• IDEA's implementation covers the largest API subset so far, has relatively good performance (measured by continuous SmokePing application level latency and availability measurements, publicly available online) and exhibits reasonable interoperability between Compound, Feature, Dataset, Algorithm, Model and Task services in the framework of a single implementation;
  • the Feature and Task services are present only in IDEA's implementation so far;
  • the implementation of Validation service is ongoing at ALU-FR and more or less in sync with other developments AFAIK, however it wasn't tested during iteration #2, mainly due to the lack of a Validation service public test instance deployment;
  • some of the OpenTox services (e.g. IST's implementation of Compound service) partially or even fully rely on 3rd party services (e.g. CSLS) and in some cases are subject to outages and/or high latency/timeouts, especially during periods of high demand; this could be observed in more details in SmokePing's continuous measurements, which are publicly available online;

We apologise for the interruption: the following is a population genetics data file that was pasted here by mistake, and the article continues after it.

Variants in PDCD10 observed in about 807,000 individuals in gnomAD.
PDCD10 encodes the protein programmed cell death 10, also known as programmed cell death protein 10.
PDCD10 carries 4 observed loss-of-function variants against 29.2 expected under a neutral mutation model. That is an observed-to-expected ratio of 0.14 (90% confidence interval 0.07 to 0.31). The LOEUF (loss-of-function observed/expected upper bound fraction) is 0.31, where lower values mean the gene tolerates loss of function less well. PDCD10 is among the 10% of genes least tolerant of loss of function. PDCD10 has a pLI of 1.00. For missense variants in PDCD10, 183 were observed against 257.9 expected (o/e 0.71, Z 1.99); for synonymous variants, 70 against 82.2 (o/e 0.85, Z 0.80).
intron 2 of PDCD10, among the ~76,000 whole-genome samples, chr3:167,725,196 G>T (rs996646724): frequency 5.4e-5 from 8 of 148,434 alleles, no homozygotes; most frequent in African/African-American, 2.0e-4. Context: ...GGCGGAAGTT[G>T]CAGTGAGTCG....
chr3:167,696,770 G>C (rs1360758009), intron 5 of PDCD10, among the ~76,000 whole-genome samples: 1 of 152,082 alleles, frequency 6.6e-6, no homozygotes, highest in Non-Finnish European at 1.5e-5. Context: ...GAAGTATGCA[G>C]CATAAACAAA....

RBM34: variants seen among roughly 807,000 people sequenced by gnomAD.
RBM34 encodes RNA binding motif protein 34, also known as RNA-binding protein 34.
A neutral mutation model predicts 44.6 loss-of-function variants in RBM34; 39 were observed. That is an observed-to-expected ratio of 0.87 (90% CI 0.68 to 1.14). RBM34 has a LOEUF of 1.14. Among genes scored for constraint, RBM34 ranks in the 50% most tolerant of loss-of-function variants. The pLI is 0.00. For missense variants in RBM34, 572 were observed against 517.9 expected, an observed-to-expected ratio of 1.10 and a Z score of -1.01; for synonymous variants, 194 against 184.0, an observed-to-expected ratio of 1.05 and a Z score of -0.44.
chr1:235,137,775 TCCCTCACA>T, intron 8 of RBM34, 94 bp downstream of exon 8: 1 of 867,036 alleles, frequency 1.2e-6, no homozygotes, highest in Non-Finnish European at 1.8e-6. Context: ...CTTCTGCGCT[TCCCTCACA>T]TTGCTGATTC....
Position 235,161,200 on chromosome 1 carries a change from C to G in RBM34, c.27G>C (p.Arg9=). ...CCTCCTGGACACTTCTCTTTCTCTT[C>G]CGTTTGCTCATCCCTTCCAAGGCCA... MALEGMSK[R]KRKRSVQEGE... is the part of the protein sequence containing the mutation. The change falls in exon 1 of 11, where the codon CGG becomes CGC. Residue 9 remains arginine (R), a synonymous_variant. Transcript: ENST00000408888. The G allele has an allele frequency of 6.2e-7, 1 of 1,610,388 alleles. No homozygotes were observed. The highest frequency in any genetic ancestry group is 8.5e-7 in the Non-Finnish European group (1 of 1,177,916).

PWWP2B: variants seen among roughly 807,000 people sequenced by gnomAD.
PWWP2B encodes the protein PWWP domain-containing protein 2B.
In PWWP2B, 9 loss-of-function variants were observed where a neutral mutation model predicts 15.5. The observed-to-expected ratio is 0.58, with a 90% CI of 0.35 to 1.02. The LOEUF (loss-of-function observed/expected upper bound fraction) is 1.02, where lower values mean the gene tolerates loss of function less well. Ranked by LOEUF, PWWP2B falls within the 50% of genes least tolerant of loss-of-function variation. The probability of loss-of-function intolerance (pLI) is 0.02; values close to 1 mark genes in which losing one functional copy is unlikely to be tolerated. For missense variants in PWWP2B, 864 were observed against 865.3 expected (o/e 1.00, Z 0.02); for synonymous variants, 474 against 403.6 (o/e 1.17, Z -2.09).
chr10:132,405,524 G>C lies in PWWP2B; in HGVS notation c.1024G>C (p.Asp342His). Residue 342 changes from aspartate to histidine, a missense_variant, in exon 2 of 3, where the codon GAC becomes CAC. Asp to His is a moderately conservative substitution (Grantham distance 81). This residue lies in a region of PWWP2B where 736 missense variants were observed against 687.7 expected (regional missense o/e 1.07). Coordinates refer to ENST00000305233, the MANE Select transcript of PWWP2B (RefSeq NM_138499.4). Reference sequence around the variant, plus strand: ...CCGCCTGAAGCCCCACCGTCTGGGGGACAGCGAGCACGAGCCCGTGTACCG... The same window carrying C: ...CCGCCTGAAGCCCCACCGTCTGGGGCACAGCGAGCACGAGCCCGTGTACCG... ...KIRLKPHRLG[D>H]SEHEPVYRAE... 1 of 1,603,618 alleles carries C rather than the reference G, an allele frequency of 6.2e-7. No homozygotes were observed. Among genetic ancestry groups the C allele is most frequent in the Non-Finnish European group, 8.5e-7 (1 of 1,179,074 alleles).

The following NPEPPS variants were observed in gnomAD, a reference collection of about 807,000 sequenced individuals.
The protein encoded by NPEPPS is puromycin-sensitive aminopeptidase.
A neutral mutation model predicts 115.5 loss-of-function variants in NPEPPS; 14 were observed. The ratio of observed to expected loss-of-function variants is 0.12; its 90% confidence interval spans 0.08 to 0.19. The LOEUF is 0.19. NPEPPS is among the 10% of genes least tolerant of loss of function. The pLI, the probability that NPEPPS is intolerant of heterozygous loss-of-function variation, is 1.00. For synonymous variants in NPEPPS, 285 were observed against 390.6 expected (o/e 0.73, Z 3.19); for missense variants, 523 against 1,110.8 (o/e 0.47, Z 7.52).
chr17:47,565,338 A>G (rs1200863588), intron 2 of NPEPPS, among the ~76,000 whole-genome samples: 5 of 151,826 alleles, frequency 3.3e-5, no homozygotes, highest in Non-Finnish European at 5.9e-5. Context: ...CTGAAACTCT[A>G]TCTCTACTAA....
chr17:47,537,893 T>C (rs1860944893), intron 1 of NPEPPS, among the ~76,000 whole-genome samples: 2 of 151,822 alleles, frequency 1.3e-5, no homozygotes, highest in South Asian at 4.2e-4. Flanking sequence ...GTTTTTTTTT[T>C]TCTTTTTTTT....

• IBMC's OpenTox service implementation has been left out of the SmokePing measurements, because it is not API v1.1 compliant;
  • SL's server network connectivity suffers from high latency and substantial packet loss (up to 60%); network connectivity has to be either radically improved by some means or (if this proves to be difficult or even impossible), then any software, developed by SL (when eventually it becomes available) should be deployed in a more network-friendly location, e.g. somewhere in Europe.